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What is African swine fever?

African swine fever (ASF) is a highly contagious hemorrhagic viral disease of domestic and wild pigs, which is responsible for severe economic and production losses.

It is caused by a large DNA virus of the family Asfarviridae , which also infects ticks of the genus Ornithodoros.

Although the signs of ASF and CSF may be similar, the ASF virus is not related to the CSF virus.

African swine fever is a disease included in the Terrestrial Animal Health Code of the World Organization for Animal Health (OIE) and must be reported to the OIE.

transmission and propagation

The epidemiology of African swine fever is complex and varies depending on the setting, the types of pig production systems, the presence/absence of competent vector ticks, human behavior, and the presence/absence of feral pigs.

Transmission routes may include:

  • direct contact with infected domestic or wild pigs
  • indirect contact, through ingestion of contaminated material (for example, food waste, feed or garbage)
  • contaminated fomites or biological vectors (soft ticks of the genus Ornithodoros ) when be present.

Public health risk

African swine fever is not a risk to human health.

Clinical signs

Clinical signs and mortality rates may vary depending on the virulence of the virus and the type/species of pig:

acute forms African swine fever are characterized by high fever, depression, anorexia and loss of appetite, skin haemorrhages (reddening of the skin on the ears, abdomen and legs), abortion in gestating sows, cyanosis, vomiting, diarrhea and death in 6 -13 days (or up to 20 days). Mortality rates can reach 100%.

The subacute and chronic forms they are caused by viruses of moderate or low virulence, which produce less intense clinical signs that can be expressed for much longer periods. Mortality rates are lower, but can still range from 30 to 70%. Symptoms of chronic disease include weight loss, intermittent fever, respiratory signs, chronic skin ulcers, and arthritis.

Different types of pigs may have variable susceptibility to ASF virus infection. African wild suids can be infected without showing clinical signs that allow them to act as reservoirs.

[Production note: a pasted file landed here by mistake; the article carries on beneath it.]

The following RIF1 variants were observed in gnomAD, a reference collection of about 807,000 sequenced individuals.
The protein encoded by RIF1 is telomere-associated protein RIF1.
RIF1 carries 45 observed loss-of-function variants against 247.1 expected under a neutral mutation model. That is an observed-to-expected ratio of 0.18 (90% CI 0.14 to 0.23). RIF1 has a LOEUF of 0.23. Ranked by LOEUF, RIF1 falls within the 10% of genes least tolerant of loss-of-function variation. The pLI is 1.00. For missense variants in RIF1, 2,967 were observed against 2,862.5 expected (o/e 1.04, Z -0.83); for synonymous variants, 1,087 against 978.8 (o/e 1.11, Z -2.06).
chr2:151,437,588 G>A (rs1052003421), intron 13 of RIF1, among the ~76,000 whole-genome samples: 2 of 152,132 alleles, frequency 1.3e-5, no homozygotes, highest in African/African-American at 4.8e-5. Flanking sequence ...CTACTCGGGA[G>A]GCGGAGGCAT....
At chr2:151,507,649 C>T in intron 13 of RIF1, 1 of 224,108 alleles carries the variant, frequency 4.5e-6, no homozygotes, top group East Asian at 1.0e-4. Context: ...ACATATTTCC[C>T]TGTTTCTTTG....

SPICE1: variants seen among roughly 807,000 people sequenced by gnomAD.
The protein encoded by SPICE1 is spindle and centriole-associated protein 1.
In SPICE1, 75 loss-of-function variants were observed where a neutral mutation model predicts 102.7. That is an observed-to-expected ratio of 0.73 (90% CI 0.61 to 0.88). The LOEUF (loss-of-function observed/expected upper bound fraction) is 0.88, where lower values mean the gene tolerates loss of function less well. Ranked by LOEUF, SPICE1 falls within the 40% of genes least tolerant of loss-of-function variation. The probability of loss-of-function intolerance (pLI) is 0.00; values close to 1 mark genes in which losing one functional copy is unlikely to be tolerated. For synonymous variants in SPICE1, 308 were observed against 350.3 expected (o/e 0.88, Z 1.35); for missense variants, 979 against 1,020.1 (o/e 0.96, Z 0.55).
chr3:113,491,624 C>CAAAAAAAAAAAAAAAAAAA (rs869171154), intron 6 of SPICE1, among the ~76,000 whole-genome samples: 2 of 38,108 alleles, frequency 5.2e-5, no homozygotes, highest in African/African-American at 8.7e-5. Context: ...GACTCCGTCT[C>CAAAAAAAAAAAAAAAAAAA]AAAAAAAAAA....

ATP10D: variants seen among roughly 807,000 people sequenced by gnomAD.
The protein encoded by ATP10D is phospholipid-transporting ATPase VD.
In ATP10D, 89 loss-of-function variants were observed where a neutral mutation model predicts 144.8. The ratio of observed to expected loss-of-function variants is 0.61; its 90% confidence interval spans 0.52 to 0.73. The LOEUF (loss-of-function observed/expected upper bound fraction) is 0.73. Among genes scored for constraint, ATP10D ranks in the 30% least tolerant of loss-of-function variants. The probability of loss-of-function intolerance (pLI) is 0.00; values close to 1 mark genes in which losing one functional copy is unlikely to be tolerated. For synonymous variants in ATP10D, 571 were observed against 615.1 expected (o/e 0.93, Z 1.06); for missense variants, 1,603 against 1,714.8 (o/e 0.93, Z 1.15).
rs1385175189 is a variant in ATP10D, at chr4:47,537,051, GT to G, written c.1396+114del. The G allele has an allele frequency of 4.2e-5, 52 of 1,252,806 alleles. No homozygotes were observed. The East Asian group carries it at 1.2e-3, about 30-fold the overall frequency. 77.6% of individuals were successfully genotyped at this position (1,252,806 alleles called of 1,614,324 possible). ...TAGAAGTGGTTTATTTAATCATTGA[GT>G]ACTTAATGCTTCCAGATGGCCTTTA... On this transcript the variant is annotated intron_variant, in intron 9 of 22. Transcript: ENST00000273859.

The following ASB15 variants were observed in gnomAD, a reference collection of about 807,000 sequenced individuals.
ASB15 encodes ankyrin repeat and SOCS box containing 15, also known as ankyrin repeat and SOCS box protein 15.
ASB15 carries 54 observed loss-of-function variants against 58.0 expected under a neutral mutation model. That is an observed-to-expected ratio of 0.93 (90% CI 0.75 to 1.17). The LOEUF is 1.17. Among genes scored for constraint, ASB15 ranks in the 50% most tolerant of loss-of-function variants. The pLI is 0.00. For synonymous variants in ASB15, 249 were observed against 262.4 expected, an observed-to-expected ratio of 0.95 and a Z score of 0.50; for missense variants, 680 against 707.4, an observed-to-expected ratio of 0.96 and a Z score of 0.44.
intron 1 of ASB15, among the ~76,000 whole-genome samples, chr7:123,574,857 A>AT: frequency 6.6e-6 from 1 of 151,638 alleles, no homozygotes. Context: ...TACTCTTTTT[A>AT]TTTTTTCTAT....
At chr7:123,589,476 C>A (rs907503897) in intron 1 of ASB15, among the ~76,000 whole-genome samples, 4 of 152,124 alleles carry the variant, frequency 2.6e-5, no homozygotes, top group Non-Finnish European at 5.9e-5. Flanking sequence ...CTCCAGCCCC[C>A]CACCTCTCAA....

Suspicion of ASF can be based on clinical signs, but confirmation must be done with laboratory tests, especially to differentiate it from classical swine fever (CSF). Guidance on diagnostic tests for African swine fever can be found in the Manual of diagnostic tests and vaccines for terrestrial animals.

Prevention and control

There is currently no approved vaccine for African swine fever.

Prevention in ASF-free countries depends on the implementation of appropriate import policies and biosecurity measures, ensuring that no infected live pigs or pork products are introduced into ASF-free areas. This includes ensuring the proper disposal of food waste from aircraft, ships or vehicles coming from affected countries and monitoring illegal imports of live pigs and pork products from affected countries.

During outbreaks and in affected countries, the control of African swine fever can be difficult and must be adapted to the specific epidemiological situation.

Classic sanitary measures can be used, including early detection and humane killing of animals (with proper disposal of carcasses and waste); thorough cleaning and disinfection; zoning/compartment and movement controls; detailed epidemiological surveillance and investigation; strict biosecurity measures on farms.

As has been observed in Europe and some regions of Asia, the transmission of ASF appears to be highly dependent on the population density of wild boars and their interaction with low-biosecurity swine production systems. Good knowledge and management of the wild boar population and good coordination between Veterinary Services, wildlife and forestry authorities are necessary to successfully prevent and control ASF.

Depending on the epidemiological situation, the involvement of the soft tick vector should also be considered in the control program.

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